Enhanced protective Immunity Against Filariasis
Keywords: Tropical Medicine, Filariasis, Onchocerciasis, Onchocerca, volvulus, ochengi, Lymphatic, Wuchereria, Loa, Litomosoides, transcriptomes, microarrays, systems biology, bioinformatics, immunity, vaccination
Filarial infections remain a major public health problem in West and Central Africa. Three filarial species are involved: Onchocerca volvulus (onchocerciasis or river blindness); Wuchereria bancrofti (lymphatic filariasis); and Loa loa (the eye worm). These infections can be treated with a single dose of ivermectin and mass treatment with this drug has proved a successful strategy for controlling onchocercaisis as a public health problem in many regions. However, emergence of drug resistance and risk of severe adverse reactions associated with L loa co-infections is restricting the implementation of mass treatment and consequently alternate approaches to control are required and an obvious approach would be vaccination.
The feasibility of vaccination against filarial infections is founded on two pillars. First, identification of individuals who have lived for many years with constant exposure to infection yet never present with either clinical or parasitological signs of infection, Second, successful immunisation of animal models against experimental and natural challenge through vaccination with irradiated infective L3 larvae.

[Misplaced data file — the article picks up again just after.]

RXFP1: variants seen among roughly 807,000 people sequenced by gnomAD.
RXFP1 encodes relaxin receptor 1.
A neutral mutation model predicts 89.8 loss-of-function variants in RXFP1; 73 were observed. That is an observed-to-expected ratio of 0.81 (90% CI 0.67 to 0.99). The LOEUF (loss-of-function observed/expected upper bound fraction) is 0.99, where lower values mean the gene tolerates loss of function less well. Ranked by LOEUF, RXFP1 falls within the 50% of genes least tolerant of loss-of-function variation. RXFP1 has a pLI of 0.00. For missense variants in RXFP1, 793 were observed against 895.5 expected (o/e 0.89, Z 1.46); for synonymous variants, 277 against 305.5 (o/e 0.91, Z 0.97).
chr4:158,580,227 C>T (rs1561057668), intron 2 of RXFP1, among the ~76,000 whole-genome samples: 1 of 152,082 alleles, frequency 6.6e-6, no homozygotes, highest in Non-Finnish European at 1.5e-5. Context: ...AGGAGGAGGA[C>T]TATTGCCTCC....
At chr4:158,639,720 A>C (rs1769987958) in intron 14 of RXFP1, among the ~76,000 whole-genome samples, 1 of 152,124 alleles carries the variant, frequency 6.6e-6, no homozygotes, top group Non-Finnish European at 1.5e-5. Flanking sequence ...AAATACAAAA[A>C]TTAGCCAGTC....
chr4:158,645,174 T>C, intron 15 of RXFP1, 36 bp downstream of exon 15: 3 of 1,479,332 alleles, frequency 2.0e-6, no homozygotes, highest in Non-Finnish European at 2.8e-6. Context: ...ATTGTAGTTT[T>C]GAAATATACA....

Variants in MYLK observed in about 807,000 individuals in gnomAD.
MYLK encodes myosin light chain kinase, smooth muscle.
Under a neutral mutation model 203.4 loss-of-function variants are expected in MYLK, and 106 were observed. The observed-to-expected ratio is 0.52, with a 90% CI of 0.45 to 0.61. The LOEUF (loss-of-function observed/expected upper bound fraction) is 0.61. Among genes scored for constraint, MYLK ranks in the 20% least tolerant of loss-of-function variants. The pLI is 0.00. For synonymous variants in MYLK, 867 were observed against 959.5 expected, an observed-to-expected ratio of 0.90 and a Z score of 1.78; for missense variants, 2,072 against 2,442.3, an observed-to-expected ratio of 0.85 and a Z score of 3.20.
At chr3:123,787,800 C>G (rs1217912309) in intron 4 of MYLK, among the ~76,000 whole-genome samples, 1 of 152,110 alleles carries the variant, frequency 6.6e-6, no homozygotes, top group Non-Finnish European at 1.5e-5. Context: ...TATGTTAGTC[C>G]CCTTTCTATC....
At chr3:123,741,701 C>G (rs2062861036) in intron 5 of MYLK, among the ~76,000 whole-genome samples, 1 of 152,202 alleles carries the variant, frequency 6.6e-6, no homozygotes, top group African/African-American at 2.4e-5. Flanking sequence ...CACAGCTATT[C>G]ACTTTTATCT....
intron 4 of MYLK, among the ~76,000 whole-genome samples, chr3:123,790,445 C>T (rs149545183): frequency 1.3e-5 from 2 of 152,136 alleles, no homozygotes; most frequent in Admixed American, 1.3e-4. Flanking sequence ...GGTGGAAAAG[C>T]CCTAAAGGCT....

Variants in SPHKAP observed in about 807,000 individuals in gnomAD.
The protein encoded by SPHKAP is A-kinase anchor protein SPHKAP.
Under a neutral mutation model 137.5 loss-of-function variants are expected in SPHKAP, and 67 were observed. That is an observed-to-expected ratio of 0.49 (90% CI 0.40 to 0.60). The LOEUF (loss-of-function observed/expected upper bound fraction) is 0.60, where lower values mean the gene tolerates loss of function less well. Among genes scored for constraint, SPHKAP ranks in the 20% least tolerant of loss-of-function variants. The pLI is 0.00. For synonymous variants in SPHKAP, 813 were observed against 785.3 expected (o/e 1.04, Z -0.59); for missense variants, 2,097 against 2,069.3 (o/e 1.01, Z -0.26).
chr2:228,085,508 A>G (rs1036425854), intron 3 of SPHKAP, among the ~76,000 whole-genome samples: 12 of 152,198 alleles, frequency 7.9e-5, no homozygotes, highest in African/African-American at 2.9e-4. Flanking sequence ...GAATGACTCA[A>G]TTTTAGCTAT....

Studies with animal models have identified antibody-dependent cell-mediated processes (Th2) as basis of protective immunity. These same processes have been identified in immune humans. Furthermore, human studies have also drawn attention to immune regulatory processes that influence clinical outcome of infection. These observations provide a basis for vaccine development.
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To identify the antigens (vaccine candidates) that stimulate protective immunity and ensure their appropriate formulation and delivery to promote protective responses and avoid any pathology.
Cohorts of onchocerciasis patients who have received treatment with ivermectin or tetracycline, or are co infected with either W bancrofti or L loa provide both input to the pathway studies and a means of validation of the computer assimilations. Confirmation of the mechanisms and targets of protective immunity and validation of computer assimilations will also be investigated using the O ochengi-cattle model that also enables experimentation under natural challenge. Litomosoides sigmodontis in mice provides a robust and rapid validation of results obtained from computation relating to expression and regulation of protective responses and a primary system for screening vaccine candidates